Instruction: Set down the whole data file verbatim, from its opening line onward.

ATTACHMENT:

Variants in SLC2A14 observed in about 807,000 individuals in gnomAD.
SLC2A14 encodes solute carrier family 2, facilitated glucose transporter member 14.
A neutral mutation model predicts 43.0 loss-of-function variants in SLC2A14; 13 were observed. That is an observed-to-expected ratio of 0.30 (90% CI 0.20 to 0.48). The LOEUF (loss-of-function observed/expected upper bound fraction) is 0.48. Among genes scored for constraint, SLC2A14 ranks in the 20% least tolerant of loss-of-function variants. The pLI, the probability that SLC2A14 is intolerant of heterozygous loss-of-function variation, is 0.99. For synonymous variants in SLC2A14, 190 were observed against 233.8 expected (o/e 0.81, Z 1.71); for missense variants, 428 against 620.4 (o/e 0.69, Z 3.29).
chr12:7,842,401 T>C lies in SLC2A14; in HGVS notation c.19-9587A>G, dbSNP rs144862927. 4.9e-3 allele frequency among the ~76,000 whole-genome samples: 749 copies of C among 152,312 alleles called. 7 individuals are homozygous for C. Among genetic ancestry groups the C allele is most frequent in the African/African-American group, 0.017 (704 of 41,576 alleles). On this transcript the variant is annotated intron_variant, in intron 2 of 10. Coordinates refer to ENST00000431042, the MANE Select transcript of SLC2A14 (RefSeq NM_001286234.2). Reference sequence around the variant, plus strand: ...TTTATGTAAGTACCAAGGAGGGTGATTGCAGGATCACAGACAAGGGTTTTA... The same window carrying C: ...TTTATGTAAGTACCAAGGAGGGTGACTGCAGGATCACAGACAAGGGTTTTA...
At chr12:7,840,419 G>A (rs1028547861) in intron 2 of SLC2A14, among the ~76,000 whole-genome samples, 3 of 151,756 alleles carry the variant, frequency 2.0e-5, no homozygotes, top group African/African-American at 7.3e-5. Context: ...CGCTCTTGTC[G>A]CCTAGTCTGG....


Variants in SLC2A14 observed in about 807,000 individuals in gnomAD.
SLC2A14 encodes solute carrier family 2, facilitated glucose transporter member 14.
A neutral mutation model predicts 43.0 loss-of-function variants in SLC2A14; 13 were observed. That is an observed-to-expected ratio of 0.30 (90% CI 0.20 to 0.48). The LOEUF (loss-of-function observed/expected upper bound fraction) is 0.48. Among genes scored for constraint, SLC2A14 ranks in the 20% least tolerant of loss-of-function variants. The pLI, the probability that SLC2A14 is intolerant of heterozygous loss-of-function variation, is 0.99. For synonymous variants in SLC2A14, 190 were observed against 233.8 expected (o/e 0.81, Z 1.71); for missense variants, 428 against 620.4 (o/e 0.69, Z 3.29).
chr12:7,842,401 T>C lies in SLC2A14; in HGVS notation c.19-9587A>G, dbSNP rs144862927. 4.9e-3 allele frequency among the ~76,000 whole-genome samples: 749 copies of C among 152,312 alleles called. 7 individuals are homozygous for C. Among genetic ancestry groups the C allele is most frequent in the African/African-American group, 0.017 (704 of 41,576 alleles). On this transcript the variant is annotated intron_variant, in intron 2 of 10. Coordinates refer to ENST00000431042, the MANE Select transcript of SLC2A14 (RefSeq NM_001286234.2). Reference sequence around the variant, plus strand: ...TTTATGTAAGTACCAAGGAGGGTGATTGCAGGATCACAGACAAGGGTTTTA... The same window carrying C: ...TTTATGTAAGTACCAAGGAGGGTGACTGCAGGATCACAGACAAGGGTTTTA...
At chr12:7,840,419 G>A (rs1028547861) in intron 2 of SLC2A14, among the ~76,000 whole-genome samples, 3 of 151,756 alleles carry the variant, frequency 2.0e-5, no homozygotes, top group African/African-American at 7.3e-5. Context: ...CGCTCTTGTC[G>A]CCTAGTCTGG....